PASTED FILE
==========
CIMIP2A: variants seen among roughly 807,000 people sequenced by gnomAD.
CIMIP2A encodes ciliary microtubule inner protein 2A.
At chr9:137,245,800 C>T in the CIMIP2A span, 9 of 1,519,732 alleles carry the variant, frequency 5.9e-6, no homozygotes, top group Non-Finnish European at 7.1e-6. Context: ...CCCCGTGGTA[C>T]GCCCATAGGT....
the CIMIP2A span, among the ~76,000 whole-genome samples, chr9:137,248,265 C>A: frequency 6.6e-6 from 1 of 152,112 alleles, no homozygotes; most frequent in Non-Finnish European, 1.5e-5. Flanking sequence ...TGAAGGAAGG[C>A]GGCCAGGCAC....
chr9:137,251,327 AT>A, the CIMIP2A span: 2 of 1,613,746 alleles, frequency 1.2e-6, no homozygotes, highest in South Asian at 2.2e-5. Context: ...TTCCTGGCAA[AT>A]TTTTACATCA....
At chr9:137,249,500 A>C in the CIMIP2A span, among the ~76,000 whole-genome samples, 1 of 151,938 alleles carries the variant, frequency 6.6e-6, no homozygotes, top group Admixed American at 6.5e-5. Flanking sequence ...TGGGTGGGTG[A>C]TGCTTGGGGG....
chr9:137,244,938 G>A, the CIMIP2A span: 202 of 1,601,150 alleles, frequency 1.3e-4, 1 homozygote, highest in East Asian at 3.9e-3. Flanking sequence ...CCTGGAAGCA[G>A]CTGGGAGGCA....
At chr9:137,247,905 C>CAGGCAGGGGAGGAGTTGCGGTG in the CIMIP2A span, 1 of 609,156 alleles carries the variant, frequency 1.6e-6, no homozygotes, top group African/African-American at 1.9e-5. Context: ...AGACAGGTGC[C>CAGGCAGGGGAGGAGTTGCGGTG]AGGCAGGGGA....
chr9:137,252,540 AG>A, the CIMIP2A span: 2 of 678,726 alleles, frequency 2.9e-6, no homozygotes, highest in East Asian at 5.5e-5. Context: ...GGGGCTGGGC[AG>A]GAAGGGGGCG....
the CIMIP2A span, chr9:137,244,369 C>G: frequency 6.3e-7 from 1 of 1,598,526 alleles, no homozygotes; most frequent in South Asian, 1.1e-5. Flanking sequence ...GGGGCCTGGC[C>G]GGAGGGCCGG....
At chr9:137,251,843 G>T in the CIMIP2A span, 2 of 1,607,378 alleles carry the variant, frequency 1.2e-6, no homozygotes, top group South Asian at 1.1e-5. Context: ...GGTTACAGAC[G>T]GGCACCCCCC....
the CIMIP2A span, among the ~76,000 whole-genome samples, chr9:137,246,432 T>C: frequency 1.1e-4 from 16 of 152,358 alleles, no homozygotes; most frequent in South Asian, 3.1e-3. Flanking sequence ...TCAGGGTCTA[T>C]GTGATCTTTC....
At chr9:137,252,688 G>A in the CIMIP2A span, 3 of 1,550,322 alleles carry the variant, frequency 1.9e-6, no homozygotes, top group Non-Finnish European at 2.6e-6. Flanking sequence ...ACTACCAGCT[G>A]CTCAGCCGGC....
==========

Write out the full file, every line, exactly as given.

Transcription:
CIMIP2A: variants seen among roughly 807,000 people sequenced by gnomAD.
CIMIP2A encodes ciliary microtubule inner protein 2A.
At chr9:137,245,800 C>T in the CIMIP2A span, 9 of 1,519,732 alleles carry the variant, frequency 5.9e-6, no homozygotes, top group Non-Finnish European at 7.1e-6. Context: ...CCCCGTGGTA[C>T]GCCCATAGGT....
the CIMIP2A span, among the ~76,000 whole-genome samples, chr9:137,248,265 C>A: frequency 6.6e-6 from 1 of 152,112 alleles, no homozygotes; most frequent in Non-Finnish European, 1.5e-5. Flanking sequence ...TGAAGGAAGG[C>A]GGCCAGGCAC....
chr9:137,251,327 AT>A, the CIMIP2A span: 2 of 1,613,746 alleles, frequency 1.2e-6, no homozygotes, highest in South Asian at 2.2e-5. Context: ...TTCCTGGCAA[AT>A]TTTTACATCA....
At chr9:137,249,500 A>C in the CIMIP2A span, among the ~76,000 whole-genome samples, 1 of 151,938 alleles carries the variant, frequency 6.6e-6, no homozygotes, top group Admixed American at 6.5e-5. Flanking sequence ...TGGGTGGGTG[A>C]TGCTTGGGGG....
chr9:137,244,938 G>A, the CIMIP2A span: 202 of 1,601,150 alleles, frequency 1.3e-4, 1 homozygote, highest in East Asian at 3.9e-3. Flanking sequence ...CCTGGAAGCA[G>A]CTGGGAGGCA....
At chr9:137,247,905 C>CAGGCAGGGGAGGAGTTGCGGTG in the CIMIP2A span, 1 of 609,156 alleles carries the variant, frequency 1.6e-6, no homozygotes, top group African/African-American at 1.9e-5. Context: ...AGACAGGTGC[C>CAGGCAGGGGAGGAGTTGCGGTG]AGGCAGGGGA....
chr9:137,252,540 AG>A, the CIMIP2A span: 2 of 678,726 alleles, frequency 2.9e-6, no homozygotes, highest in East Asian at 5.5e-5. Context: ...GGGGCTGGGC[AG>A]GAAGGGGGCG....
the CIMIP2A span, chr9:137,244,369 C>G: frequency 6.3e-7 from 1 of 1,598,526 alleles, no homozygotes; most frequent in South Asian, 1.1e-5. Flanking sequence ...GGGGCCTGGC[C>G]GGAGGGCCGG....
At chr9:137,251,843 G>T in the CIMIP2A span, 2 of 1,607,378 alleles carry the variant, frequency 1.2e-6, no homozygotes, top group South Asian at 1.1e-5. Context: ...GGTTACAGAC[G>T]GGCACCCCCC....
the CIMIP2A span, among the ~76,000 whole-genome samples, chr9:137,246,432 T>C: frequency 1.1e-4 from 16 of 152,358 alleles, no homozygotes; most frequent in South Asian, 3.1e-3. Flanking sequence ...TCAGGGTCTA[T>C]GTGATCTTTC....
At chr9:137,252,688 G>A in the CIMIP2A span, 3 of 1,550,322 alleles carry the variant, frequency 1.9e-6, no homozygotes, top group Non-Finnish European at 2.6e-6. Flanking sequence ...ACTACCAGCT[G>A]CTCAGCCGGC....